Some of the historical characters were out of date 30 years ago. People under 30 don’t know who I’m talking about, and I don’t want to be some Stone Age satirist. I put a 90-minute limit on performances, as that means there needs to be editing, with some characters taken out. It’s not self-censorship – now that’s a scary thing! – but a white satirist calling out black political parties or whatever is now racism. Thankfully, Evita can do that as she’s a member of the ANC who right now is ‘cooking for reconciliation’. During apartheid, democracy was the light at the end of the tunnel. Now, thanks to Eskom, there’s no light. I’m very aware, for instance, of schoolchildren having conversations about where they want to emigrate to. And there’s also the sell-by date experience by people with 60 years of experience who are suddenly no longer wanted in the workplace. It makes no sense. I try to avoid being anything but an actor, although I definitely want to make people less afraid of fear.


Do you ever get gatvol at the pace at which some people learn?

I don’t think of it. I do get gatvol at the pace at which I learn. But education is always important. I weave talk about next year’s election into the show: people must know what’s going on and try to change what they can. It does matter. The newspapers don’t carry news anymore. There are so few sources that are trustworthy. Make sure you find them.


You’ve released another book of plays: The Mandela Rainbow Honeymoon. In the period it covers – 1992 to 1997 – you averaged around a new show a year. Did you feel that there was an imperative to provide a useful filter while he was in power? To support his themes for your audience?

The plays very much reflected what happened during that time – including the sadness that took hold as we lost what he’d conjured up. The next book will be challenging. It covers the Mbeki years and all his denialism around Aids, which led to so many people dying. And the fourth one will come out on my 80th birthday, taking us from Zuma’s shower to Ramaphosa’s sofa. Times have changed. Politicians at least used to have a sense of humour that allowed you to get them to be authentic in interviews. That’s no longer there…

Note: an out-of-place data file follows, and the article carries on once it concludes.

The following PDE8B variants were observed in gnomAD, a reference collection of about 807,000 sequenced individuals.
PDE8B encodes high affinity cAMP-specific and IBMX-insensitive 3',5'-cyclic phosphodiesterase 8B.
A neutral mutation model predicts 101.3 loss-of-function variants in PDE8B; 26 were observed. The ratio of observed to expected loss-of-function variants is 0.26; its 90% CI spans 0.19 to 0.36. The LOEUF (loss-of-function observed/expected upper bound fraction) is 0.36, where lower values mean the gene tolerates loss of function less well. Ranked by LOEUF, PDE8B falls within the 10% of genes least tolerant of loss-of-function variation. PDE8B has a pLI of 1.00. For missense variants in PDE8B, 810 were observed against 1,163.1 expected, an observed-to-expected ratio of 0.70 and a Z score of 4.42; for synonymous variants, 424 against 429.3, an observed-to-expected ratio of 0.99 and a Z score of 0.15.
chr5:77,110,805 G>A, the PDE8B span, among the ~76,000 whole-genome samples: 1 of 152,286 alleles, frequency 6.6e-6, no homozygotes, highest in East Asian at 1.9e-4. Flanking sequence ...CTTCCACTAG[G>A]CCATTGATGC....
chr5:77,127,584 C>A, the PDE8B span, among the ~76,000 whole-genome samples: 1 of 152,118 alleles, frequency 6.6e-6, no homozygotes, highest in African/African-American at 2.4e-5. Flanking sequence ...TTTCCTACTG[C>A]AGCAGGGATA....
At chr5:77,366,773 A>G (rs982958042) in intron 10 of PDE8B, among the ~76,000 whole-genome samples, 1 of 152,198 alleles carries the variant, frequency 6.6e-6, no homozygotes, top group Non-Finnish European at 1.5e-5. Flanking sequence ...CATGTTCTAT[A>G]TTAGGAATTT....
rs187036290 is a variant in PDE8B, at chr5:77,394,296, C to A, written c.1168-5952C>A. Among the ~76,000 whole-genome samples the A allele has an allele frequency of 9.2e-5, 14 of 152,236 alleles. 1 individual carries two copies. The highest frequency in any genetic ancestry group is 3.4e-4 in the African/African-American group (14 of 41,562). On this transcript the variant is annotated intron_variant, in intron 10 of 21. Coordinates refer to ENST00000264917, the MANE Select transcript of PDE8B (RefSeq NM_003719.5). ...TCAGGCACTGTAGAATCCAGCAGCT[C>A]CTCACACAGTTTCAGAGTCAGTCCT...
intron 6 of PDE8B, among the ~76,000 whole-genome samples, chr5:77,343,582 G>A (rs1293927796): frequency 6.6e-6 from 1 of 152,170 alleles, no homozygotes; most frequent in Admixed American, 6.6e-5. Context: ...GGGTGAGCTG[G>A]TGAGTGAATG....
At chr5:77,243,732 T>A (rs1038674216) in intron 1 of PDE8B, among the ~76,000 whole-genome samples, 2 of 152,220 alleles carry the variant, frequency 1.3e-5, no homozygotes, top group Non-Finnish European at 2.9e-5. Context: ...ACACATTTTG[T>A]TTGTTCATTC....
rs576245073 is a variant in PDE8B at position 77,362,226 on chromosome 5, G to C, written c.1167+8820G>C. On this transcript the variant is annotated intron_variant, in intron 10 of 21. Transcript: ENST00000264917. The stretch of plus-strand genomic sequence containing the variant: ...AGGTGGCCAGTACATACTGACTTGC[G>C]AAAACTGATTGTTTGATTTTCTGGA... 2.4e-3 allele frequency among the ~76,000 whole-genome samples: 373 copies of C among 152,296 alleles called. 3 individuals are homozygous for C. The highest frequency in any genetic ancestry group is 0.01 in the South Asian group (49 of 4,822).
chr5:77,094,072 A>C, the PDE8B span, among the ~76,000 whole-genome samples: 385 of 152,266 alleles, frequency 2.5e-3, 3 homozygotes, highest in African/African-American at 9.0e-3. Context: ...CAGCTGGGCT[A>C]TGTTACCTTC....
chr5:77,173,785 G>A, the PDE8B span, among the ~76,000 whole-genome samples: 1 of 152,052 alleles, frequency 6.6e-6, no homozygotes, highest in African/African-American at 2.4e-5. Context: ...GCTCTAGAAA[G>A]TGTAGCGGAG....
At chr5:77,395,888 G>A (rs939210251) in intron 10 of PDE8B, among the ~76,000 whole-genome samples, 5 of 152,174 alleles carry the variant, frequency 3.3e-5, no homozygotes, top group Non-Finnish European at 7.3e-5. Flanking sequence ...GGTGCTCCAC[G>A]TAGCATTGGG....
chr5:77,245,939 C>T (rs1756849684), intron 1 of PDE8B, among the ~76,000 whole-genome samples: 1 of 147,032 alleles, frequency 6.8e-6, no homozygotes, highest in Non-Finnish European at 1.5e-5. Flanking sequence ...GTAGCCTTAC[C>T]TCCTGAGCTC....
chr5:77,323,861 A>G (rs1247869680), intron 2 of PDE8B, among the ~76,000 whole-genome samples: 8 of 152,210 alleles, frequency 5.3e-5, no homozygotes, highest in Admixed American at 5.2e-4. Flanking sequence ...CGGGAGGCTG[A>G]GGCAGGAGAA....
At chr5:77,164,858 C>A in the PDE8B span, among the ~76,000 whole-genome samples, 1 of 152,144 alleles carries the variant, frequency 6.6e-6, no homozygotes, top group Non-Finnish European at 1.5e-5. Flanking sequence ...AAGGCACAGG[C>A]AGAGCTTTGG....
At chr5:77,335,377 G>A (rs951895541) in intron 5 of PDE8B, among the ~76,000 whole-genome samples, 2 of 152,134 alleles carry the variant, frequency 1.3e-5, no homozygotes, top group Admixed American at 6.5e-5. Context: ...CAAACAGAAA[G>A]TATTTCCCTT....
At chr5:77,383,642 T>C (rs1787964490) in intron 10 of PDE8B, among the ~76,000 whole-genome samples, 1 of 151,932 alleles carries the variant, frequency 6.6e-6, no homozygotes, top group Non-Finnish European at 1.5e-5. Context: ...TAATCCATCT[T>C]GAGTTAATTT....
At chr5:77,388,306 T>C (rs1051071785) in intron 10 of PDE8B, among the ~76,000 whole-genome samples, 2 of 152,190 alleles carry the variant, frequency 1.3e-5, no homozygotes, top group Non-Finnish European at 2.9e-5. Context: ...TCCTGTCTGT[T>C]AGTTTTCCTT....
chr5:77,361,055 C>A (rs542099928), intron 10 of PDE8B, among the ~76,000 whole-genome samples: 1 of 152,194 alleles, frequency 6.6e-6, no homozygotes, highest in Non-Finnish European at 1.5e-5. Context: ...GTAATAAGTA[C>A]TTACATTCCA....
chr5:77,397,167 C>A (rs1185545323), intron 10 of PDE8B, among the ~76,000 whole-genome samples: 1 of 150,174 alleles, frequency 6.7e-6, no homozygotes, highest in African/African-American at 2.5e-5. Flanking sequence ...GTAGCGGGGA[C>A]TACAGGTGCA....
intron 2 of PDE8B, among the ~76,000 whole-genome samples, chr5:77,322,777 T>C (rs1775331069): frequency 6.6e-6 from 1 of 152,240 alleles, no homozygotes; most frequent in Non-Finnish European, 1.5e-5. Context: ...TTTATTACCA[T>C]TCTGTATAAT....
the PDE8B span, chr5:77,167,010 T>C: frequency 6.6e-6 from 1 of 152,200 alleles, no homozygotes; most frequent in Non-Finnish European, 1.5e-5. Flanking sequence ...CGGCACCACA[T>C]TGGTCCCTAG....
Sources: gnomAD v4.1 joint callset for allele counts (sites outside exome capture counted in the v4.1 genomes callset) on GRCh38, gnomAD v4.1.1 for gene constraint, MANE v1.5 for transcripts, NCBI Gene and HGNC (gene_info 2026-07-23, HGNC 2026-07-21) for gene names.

Was there an opportunity you’re sad you’re missed while Madiba was president?

I do write a chapter from my perspective, talking about Evita’s interviews with him. They were extraordinary. There are so many interactions I’d like to tell people about, but it could just come across as namedropping.


Allowing performers, especially youngsters, free access to this material provides such a valuable history teaching tool. Is that something you want to allow to spread organically or are there plans to try to connect specific readers with the book?

The reactions, particularly from schoolkids who start asking questions about why certain people are in the plays, has been wonderful. I have alerted all the schools I went to with my Aids programme, and they now have the book in their libraries. And there is incredible feedback from people who grew up outside South Africa. It all makes this maybe the most enjoyable thing I’ve ever done.


Confronting fears is necessary, but never comfortable…

We need to clothe fears as situations, or funny stories. Sometimes the ingredients, on their own, are not great. But I’m no less passionate about creating the final product. It’s life. It’s breath. It’s oxygen.


Download the text for The Mandela Rainbow Honeymoon here – for free.